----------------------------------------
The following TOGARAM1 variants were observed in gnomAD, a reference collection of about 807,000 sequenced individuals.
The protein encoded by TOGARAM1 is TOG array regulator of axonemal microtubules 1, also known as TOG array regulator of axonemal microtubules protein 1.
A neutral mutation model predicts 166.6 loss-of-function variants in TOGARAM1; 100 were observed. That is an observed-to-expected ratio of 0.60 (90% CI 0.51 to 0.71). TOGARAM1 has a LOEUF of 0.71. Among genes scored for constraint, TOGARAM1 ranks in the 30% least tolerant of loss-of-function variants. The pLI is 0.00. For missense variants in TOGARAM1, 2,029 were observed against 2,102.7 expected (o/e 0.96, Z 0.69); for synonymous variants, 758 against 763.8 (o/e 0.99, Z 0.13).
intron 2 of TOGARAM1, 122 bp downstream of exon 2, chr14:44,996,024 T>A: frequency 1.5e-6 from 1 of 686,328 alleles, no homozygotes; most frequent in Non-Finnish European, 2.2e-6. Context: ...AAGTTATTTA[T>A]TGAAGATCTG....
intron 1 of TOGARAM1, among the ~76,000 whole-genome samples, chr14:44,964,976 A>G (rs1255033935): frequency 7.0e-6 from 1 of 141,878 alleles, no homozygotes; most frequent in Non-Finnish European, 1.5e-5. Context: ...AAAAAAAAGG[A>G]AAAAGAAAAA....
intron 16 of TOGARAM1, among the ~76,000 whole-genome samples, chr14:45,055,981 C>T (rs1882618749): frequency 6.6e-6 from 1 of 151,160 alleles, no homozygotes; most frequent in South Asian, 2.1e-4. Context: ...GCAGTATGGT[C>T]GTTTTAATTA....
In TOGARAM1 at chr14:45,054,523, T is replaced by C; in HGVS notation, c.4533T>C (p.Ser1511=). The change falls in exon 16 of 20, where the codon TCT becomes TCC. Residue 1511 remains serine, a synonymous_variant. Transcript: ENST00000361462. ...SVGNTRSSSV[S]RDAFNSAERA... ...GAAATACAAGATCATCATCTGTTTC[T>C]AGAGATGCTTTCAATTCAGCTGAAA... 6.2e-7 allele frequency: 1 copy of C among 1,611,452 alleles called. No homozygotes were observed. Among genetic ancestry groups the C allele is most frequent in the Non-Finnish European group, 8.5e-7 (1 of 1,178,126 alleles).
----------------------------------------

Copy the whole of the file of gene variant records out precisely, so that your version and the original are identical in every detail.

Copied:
The following TOGARAM1 variants were observed in gnomAD, a reference collection of about 807,000 sequenced individuals.
The protein encoded by TOGARAM1 is TOG array regulator of axonemal microtubules 1, also known as TOG array regulator of axonemal microtubules protein 1.
A neutral mutation model predicts 166.6 loss-of-function variants in TOGARAM1; 100 were observed. That is an observed-to-expected ratio of 0.60 (90% CI 0.51 to 0.71). TOGARAM1 has a LOEUF of 0.71. Among genes scored for constraint, TOGARAM1 ranks in the 30% least tolerant of loss-of-function variants. The pLI is 0.00. For missense variants in TOGARAM1, 2,029 were observed against 2,102.7 expected (o/e 0.96, Z 0.69); for synonymous variants, 758 against 763.8 (o/e 0.99, Z 0.13).
intron 2 of TOGARAM1, 122 bp downstream of exon 2, chr14:44,996,024 T>A: frequency 1.5e-6 from 1 of 686,328 alleles, no homozygotes; most frequent in Non-Finnish European, 2.2e-6. Context: ...AAGTTATTTA[T>A]TGAAGATCTG....
intron 1 of TOGARAM1, among the ~76,000 whole-genome samples, chr14:44,964,976 A>G (rs1255033935): frequency 7.0e-6 from 1 of 141,878 alleles, no homozygotes; most frequent in Non-Finnish European, 1.5e-5. Context: ...AAAAAAAAGG[A>G]AAAAGAAAAA....
intron 16 of TOGARAM1, among the ~76,000 whole-genome samples, chr14:45,055,981 C>T (rs1882618749): frequency 6.6e-6 from 1 of 151,160 alleles, no homozygotes; most frequent in South Asian, 2.1e-4. Context: ...GCAGTATGGT[C>T]GTTTTAATTA....
In TOGARAM1 at chr14:45,054,523, T is replaced by C; in HGVS notation, c.4533T>C (p.Ser1511=). The change falls in exon 16 of 20, where the codon TCT becomes TCC. Residue 1511 remains serine, a synonymous_variant. Transcript: ENST00000361462. ...SVGNTRSSSV[S]RDAFNSAERA... ...GAAATACAAGATCATCATCTGTTTC[T>C]AGAGATGCTTTCAATTCAGCTGAAA... 6.2e-7 allele frequency: 1 copy of C among 1,611,452 alleles called. No homozygotes were observed. Among genetic ancestry groups the C allele is most frequent in the Non-Finnish European group, 8.5e-7 (1 of 1,178,126 alleles).